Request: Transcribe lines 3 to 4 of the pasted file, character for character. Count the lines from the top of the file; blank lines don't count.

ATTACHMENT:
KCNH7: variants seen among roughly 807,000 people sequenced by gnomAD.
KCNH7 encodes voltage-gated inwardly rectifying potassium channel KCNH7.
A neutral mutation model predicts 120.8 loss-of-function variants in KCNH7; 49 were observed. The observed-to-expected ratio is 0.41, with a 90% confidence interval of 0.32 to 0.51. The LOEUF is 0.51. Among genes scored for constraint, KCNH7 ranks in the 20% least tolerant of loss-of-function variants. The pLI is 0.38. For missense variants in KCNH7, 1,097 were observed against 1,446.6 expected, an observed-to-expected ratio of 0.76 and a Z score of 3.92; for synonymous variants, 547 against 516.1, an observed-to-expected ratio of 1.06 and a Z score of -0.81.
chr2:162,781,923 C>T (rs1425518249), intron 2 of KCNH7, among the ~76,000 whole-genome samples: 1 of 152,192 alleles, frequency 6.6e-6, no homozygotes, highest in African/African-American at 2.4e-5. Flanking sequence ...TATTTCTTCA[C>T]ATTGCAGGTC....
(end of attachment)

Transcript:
A neutral mutation model predicts 120.8 loss-of-function variants in KCNH7; 49 were observed. The observed-to-expected ratio is 0.41, with a 90% confidence interval of 0.32 to 0.51. The LOEUF is 0.51. Among genes scored for constraint, KCNH7 ranks in the 20% least tolerant of loss-of-function variants. The pLI is 0.38. For missense variants in KCNH7, 1,097 were observed against 1,446.6 expected, an observed-to-expected ratio of 0.76 and a Z score of 3.92; for synonymous variants, 547 against 516.1, an observed-to-expected ratio of 1.06 and a Z score of -0.81.
chr2:162,781,923 C>T (rs1425518249), intron 2 of KCNH7, among the ~76,000 whole-genome samples: 1 of 152,192 alleles, frequency 6.6e-6, no homozygotes, highest in African/African-American at 2.4e-5. Flanking sequence ...TATTTCTTCA[C>T]ATTGCAGGTC....